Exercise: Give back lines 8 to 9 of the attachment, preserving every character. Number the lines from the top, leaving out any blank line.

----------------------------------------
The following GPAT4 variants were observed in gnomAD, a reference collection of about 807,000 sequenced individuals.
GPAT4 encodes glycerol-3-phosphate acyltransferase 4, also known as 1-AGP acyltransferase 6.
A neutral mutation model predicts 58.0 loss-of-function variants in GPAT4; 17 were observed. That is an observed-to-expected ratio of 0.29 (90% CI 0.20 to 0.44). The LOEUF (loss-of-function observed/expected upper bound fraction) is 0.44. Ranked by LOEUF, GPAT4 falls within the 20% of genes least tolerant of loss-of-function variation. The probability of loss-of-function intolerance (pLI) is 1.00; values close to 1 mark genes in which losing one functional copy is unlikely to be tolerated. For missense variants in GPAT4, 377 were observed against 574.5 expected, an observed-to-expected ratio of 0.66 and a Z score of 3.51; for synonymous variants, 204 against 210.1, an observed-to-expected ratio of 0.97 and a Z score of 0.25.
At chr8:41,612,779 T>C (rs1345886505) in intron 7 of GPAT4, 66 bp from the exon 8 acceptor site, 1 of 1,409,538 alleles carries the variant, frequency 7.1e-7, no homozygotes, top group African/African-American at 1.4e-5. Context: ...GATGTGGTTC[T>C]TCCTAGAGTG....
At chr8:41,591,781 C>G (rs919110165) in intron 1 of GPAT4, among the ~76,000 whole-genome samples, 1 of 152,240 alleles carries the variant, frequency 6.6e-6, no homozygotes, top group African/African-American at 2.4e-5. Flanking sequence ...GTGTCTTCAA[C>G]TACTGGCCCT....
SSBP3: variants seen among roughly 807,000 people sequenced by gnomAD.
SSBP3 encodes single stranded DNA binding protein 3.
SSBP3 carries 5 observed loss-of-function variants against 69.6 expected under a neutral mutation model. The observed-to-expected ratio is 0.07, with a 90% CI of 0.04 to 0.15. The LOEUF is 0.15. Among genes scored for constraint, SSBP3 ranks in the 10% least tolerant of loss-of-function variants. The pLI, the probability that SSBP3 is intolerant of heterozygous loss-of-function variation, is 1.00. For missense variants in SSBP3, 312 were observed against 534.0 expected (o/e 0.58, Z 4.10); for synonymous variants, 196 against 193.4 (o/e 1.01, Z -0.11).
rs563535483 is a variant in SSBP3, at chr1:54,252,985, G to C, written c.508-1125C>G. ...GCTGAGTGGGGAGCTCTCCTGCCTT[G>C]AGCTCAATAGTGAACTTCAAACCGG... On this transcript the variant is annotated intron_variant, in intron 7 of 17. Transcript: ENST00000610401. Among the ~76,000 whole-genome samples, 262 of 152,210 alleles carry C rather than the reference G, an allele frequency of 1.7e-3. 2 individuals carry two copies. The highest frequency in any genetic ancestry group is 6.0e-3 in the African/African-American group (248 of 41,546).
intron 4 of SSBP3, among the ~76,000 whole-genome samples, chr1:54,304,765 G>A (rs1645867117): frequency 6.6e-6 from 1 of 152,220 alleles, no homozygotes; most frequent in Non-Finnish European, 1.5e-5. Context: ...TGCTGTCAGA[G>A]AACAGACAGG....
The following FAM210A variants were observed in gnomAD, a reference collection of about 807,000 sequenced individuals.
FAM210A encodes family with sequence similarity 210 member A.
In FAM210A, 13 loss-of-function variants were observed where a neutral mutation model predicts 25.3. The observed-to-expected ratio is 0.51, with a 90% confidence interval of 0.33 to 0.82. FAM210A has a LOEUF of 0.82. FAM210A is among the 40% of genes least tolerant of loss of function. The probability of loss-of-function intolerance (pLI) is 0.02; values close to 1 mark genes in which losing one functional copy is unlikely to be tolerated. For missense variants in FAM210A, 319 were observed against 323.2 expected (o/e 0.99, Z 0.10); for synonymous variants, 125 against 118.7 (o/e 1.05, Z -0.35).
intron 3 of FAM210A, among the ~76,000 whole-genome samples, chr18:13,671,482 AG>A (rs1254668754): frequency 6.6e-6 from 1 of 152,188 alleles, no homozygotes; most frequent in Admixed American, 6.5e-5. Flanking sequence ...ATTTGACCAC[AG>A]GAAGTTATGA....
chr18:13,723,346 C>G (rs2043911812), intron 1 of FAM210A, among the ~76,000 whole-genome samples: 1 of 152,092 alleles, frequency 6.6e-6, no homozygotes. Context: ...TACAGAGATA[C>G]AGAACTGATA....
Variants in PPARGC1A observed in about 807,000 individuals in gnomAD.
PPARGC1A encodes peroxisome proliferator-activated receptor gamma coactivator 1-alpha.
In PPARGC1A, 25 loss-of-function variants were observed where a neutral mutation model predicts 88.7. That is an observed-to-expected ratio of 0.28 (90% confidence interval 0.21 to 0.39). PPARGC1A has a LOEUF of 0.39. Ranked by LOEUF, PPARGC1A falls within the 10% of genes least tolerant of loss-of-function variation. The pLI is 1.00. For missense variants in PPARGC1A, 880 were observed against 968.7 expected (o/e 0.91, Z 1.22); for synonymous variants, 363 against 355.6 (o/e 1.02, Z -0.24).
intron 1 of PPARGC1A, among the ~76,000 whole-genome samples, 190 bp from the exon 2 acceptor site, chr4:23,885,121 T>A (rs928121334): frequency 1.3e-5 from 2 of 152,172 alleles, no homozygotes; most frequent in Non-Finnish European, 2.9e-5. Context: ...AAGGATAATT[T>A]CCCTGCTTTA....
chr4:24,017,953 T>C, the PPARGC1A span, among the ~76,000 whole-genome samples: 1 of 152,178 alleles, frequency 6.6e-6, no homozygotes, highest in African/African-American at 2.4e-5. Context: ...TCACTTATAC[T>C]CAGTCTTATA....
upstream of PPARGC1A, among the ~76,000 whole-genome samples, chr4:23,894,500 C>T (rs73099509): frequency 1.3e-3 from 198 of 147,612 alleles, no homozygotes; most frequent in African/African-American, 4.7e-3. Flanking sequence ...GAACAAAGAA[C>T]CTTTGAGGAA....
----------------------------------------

SSBP3 carries 5 observed loss-of-function variants against 69.6 expected under a neutral mutation model. The observed-to-expected ratio is 0.07, with a 90% CI of 0.04 to 0.15. The LOEUF is 0.15. Among genes scored for constraint, SSBP3 ranks in the 10% least tolerant of loss-of-function variants. The pLI, the probability that SSBP3 is intolerant of heterozygous loss-of-function variation, is 1.00. For missense variants in SSBP3, 312 were observed against 534.0 expected (o/e 0.58, Z 4.10); for synonymous variants, 196 against 193.4 (o/e 1.01, Z -0.11).
rs563535483 is a variant in SSBP3, at chr1:54,252,985, G to C, written c.508-1125C>G. ...GCTGAGTGGGGAGCTCTCCTGCCTT[G>C]AGCTCAATAGTGAACTTCAAACCGG... On this transcript the variant is annotated intron_variant, in intron 7 of 17. Transcript: ENST00000610401. Among the ~76,000 whole-genome samples, 262 of 152,210 alleles carry C rather than the reference G, an allele frequency of 1.7e-3. 2 individuals carry two copies. The highest frequency in any genetic ancestry group is 6.0e-3 in the African/African-American group (248 of 41,546).